A group of academic researchers has devised a new eavesdropping attack that leverages the lidar sensors present in commodity robot vacuum cleaners.
Dubbed LidarPhone, the attack relies on traces of sound signals that are extracted from laser reflections to capture privacy sensitive information, including speech during teleconference sessions. It could also be used to spy on a victim’s TV habits and perhaps identify their political orientation.
Devised by a group of five researchers from the National University of Singapore and University of Maryland, College Park, the attack “achieves approximately 91% and 90% average accuracies” when used to collect spoken digits and music, respectively.
This novel acoustic side-channel attack is possible because the vacuum cleaning robot, a seemingly innocuous household device, is equipped with lidar sensors, which help it measure the distance to different objects by emitting laser light and measuring its reflection.
Sounds, the researchers explain, are pressure waves propagating through the medium’s vibrations, which are induced to surrounding objects. Thus, subtle physical vibrations are created within the solid material.
“The fundamental concept of LidarPhone lies in sensing such induced vibrations in house hold objects using the vacuum robot’s lidar sensor and then processing the recorded vibration signal to recover traces of sounds,” the researchers explain.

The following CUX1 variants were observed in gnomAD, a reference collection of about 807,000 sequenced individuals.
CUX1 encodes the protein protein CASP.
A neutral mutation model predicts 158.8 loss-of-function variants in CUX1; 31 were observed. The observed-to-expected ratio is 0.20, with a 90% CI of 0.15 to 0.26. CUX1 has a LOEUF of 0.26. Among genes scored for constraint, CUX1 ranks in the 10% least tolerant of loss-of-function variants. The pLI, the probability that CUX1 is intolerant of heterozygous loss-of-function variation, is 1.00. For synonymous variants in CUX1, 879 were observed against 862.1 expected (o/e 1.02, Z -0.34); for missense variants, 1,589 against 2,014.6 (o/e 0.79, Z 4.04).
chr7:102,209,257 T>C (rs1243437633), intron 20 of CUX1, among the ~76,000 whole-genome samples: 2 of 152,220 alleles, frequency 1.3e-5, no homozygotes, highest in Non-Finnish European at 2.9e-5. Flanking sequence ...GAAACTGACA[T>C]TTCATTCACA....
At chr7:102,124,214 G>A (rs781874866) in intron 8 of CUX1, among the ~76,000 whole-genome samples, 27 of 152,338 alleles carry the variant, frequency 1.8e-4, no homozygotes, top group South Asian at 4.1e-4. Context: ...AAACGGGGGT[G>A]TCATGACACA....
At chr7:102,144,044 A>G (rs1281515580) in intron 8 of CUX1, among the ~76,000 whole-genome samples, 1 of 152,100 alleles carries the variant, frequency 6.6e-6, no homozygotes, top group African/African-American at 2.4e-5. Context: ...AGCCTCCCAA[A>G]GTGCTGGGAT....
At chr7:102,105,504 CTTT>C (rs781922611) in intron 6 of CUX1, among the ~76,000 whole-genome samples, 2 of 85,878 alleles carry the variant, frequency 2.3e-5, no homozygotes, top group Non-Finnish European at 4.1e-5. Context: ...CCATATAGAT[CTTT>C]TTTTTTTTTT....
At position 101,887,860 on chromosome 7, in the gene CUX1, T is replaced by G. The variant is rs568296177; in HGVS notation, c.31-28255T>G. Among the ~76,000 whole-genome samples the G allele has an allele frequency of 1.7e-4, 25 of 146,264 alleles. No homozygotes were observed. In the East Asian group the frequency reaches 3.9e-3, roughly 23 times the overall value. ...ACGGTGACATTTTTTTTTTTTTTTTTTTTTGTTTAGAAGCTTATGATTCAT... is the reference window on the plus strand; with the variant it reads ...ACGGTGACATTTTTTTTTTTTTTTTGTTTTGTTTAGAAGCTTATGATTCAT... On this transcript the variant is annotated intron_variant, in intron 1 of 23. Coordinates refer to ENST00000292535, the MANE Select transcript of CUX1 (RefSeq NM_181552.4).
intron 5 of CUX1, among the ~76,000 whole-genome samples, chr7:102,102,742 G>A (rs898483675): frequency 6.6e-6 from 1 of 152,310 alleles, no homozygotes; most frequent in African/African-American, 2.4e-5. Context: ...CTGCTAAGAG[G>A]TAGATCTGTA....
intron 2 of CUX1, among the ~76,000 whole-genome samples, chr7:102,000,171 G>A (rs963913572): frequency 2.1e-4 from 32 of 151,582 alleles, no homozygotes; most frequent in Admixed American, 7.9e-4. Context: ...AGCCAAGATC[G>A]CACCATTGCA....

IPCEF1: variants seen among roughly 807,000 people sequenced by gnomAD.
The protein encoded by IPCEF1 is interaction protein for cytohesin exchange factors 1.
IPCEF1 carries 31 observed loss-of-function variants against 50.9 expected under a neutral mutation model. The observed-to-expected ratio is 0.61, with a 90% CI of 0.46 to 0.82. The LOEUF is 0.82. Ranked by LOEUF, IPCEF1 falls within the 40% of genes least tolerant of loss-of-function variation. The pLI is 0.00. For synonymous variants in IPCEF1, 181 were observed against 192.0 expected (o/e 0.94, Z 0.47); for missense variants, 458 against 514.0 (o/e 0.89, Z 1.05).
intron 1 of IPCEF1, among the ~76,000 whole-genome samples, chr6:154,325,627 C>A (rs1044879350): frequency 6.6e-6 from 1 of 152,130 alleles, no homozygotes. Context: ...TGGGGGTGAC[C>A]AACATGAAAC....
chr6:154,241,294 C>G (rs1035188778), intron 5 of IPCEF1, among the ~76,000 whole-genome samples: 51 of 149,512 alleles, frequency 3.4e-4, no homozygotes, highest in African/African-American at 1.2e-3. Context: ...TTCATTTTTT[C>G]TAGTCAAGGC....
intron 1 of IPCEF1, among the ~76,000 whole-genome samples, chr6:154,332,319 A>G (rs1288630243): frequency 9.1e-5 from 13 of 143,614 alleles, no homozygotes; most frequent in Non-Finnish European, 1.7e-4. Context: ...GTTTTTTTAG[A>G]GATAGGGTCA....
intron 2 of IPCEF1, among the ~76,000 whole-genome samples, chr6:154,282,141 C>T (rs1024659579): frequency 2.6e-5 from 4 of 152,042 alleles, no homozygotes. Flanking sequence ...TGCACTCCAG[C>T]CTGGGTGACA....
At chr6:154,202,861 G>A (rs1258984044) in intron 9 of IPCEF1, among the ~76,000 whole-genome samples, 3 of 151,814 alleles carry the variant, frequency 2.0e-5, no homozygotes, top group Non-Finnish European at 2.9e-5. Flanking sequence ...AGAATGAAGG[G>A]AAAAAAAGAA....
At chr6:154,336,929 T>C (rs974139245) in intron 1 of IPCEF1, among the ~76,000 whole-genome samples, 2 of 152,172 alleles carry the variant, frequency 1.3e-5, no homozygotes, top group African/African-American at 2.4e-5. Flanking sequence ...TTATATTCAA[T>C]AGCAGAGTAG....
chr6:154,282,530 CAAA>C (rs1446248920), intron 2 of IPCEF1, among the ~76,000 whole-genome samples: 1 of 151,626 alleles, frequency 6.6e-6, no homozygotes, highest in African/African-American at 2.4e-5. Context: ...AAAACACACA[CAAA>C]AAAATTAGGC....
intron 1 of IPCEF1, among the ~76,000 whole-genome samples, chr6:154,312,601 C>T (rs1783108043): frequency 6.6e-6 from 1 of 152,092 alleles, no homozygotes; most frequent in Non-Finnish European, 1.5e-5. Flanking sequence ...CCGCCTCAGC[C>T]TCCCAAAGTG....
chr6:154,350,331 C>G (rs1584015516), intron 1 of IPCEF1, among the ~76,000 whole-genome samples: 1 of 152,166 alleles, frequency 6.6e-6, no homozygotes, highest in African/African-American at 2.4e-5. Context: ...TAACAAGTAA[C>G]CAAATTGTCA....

The same method is used by laser microphones and basically LidarPhone transforms the lidar sensors on the vacuum cleaning robot into microphones. Challenges that the new attack faces, however, include the low signal-to-noise ratio (SNR) of the reflected signals and the lidar’s low sampling rate, due to the robot’s rotating motion.
According to the researchers, some of the main limitations of this attack include the fact that the intensity of sound vibrations is lower when objects are not in direct contact with the speakers, and the fact that the robot is continuously moving when operational — thus, it is more plausible to launch an attack when the robot is idle.
The researchers implemented LidarPhone on a Xiaomi Roborock vacuum cleaning robot and concluded that it can achieve high accuracy for digit and music classification. They also argue that, unlike state-of-the-art eavesdropping attacks where physical presence is required to deploy the surveillance equipment, LidarPhone eliminates this step — the attacker only needs to somehow compromise the targeted vacuum.
“LidarPhone allows the adversary to obtain privacy sensitive speech information from laser beams reflected off of minutely vibrating objects (such as a trashcan or a takeaway bag) located near the victim’s computer speaker or TV soundbar. […] While we investigate lidars on robot vacuum cleaners as an exemplary case, our findings may be extended to many other active light sensors including smartphone time-of-flight sensors,” the researchers say.